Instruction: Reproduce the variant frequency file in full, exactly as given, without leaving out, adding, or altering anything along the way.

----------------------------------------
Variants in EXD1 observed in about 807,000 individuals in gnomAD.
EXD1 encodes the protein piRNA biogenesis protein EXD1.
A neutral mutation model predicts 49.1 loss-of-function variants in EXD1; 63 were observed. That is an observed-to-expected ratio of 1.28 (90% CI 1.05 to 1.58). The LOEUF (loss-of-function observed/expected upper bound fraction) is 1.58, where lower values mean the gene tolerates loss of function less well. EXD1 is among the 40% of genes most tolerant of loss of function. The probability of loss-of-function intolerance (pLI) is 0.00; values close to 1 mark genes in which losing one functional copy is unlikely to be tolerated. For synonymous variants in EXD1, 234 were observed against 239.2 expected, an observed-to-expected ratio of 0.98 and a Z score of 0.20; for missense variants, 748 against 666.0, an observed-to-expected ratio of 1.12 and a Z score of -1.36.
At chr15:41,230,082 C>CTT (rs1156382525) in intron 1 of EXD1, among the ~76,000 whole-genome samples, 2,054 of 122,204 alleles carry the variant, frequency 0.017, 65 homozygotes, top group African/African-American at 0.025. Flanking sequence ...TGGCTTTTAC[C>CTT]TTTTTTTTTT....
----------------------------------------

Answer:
Variants in EXD1 observed in about 807,000 individuals in gnomAD.
EXD1 encodes the protein piRNA biogenesis protein EXD1.
A neutral mutation model predicts 49.1 loss-of-function variants in EXD1; 63 were observed. That is an observed-to-expected ratio of 1.28 (90% CI 1.05 to 1.58). The LOEUF (loss-of-function observed/expected upper bound fraction) is 1.58, where lower values mean the gene tolerates loss of function less well. EXD1 is among the 40% of genes most tolerant of loss of function. The probability of loss-of-function intolerance (pLI) is 0.00; values close to 1 mark genes in which losing one functional copy is unlikely to be tolerated. For synonymous variants in EXD1, 234 were observed against 239.2 expected, an observed-to-expected ratio of 0.98 and a Z score of 0.20; for missense variants, 748 against 666.0, an observed-to-expected ratio of 1.12 and a Z score of -1.36.
At chr15:41,230,082 C>CTT (rs1156382525) in intron 1 of EXD1, among the ~76,000 whole-genome samples, 2,054 of 122,204 alleles carry the variant, frequency 0.017, 65 homozygotes, top group African/African-American at 0.025. Flanking sequence ...TGGCTTTTAC[C>CTT]TTTTTTTTTT....